Thursday, June 19, 2008

How did Citbank lose customers' money?

Wired is reporting that "a computer intrusion into a Citibank server that processes ATM withdrawals led to two Brooklyn men making hundreds of fraudulent withdrawals from New York City cash machines in February, pocketing at least $750,000 in cash, according to federal prosecutors".

But the explanation of how they did it is a bit confusing - did someone steal PINs by hacking into a server, as is suggested by the article? It's possible, but my guess (backed up by someone I spoke to who knows a lot more about this subject than I do) is that someone actually installed software on the server that approves the transactions. If you do that, you don't need to know anybody's PIN - if you can create duplicate cards, you can get the system to allow withdrawals. Of course, you wouldn't want the approval to automatically say "yes" to any withdrawal, because then it would be too obvious, and the "free money" machines would be reported by customers and stopped before long. A clever attacker would insert code that would be highly unlikely to trigger by accident, but easy to trigger on purpose. For example, a PIN that matches the current month and day, or a PIN that matches some function of the account number - either would be incredibly unlikely to be triggered except by someone who knew the approval hack was present. Once the code is inserted into the approval system, the attacker can make unlimited withdrawals from an account, regardless of the account balance.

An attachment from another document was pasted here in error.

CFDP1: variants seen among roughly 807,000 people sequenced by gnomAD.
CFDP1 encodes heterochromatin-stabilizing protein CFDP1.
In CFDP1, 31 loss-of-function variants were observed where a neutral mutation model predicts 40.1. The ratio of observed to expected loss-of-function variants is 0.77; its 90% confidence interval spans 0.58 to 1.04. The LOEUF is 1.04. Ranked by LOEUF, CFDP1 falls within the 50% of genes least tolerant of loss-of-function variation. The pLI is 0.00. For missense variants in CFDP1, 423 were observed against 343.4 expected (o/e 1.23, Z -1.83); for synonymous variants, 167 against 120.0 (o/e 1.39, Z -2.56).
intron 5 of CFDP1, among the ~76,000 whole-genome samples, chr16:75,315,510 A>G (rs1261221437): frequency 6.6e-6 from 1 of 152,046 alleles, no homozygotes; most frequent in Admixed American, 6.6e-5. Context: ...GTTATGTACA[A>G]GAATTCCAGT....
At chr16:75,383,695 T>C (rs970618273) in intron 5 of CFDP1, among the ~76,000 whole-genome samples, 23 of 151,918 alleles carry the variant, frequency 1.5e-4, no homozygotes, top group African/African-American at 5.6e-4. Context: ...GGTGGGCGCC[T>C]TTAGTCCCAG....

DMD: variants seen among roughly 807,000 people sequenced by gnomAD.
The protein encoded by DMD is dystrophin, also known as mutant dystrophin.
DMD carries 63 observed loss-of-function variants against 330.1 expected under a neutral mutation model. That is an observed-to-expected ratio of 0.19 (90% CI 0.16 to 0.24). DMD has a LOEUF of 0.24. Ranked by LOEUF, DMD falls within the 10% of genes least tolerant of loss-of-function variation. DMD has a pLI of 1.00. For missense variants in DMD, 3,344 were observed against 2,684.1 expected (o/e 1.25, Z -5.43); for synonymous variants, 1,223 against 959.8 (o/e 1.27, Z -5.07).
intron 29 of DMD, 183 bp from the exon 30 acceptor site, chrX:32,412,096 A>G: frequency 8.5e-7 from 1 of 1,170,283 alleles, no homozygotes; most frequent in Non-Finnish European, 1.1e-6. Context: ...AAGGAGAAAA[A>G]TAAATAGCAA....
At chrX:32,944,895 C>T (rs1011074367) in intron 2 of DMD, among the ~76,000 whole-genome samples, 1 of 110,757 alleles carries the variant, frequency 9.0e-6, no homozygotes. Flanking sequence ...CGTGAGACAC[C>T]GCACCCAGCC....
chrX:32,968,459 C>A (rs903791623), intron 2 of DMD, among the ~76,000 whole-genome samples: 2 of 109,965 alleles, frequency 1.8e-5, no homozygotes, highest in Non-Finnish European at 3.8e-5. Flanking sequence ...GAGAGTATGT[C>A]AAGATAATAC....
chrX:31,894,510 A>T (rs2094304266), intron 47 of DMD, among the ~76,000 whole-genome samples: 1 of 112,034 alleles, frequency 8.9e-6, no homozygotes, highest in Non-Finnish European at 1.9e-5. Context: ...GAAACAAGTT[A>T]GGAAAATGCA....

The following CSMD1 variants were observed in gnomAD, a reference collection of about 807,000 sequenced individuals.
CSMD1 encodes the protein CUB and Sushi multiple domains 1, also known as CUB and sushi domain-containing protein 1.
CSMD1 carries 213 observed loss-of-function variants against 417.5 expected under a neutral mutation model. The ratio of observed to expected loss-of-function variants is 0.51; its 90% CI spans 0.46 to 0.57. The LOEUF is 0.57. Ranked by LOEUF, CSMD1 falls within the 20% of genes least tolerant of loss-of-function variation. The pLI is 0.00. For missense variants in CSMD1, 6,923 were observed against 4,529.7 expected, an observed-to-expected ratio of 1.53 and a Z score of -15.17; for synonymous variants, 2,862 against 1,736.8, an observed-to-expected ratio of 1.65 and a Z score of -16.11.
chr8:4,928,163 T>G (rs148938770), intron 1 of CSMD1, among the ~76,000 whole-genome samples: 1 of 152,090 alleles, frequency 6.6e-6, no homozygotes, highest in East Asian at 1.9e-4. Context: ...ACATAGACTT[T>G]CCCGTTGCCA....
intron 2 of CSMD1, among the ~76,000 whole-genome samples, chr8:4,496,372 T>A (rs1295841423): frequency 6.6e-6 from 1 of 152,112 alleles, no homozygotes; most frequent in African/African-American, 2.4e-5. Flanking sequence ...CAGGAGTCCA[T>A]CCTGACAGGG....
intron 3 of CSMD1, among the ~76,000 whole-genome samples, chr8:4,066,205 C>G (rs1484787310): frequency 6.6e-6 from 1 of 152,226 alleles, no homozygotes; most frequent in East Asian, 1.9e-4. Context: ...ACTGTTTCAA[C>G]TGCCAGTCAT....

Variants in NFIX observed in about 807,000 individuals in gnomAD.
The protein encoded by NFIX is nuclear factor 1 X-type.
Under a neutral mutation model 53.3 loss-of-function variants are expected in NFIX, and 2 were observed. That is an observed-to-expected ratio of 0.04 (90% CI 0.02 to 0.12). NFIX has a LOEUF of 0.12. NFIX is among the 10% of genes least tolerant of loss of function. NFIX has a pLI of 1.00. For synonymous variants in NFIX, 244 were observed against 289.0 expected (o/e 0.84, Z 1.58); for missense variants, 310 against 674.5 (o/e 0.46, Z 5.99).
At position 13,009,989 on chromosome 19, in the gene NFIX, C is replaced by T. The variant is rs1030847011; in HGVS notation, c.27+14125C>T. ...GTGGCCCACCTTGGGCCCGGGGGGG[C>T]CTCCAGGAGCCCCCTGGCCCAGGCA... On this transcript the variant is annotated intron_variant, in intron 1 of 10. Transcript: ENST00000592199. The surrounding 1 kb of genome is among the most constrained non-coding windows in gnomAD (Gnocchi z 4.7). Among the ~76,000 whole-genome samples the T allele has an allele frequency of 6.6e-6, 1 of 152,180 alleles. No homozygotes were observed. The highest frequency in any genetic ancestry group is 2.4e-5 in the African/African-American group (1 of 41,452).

Regardless of the mechanism, the attack demonstrates that banks can't simply pass the buck (so to speak) to their customers for protecting PINs - it's up to the banks themselves to monitor their servers, and ensure that they're hardened.


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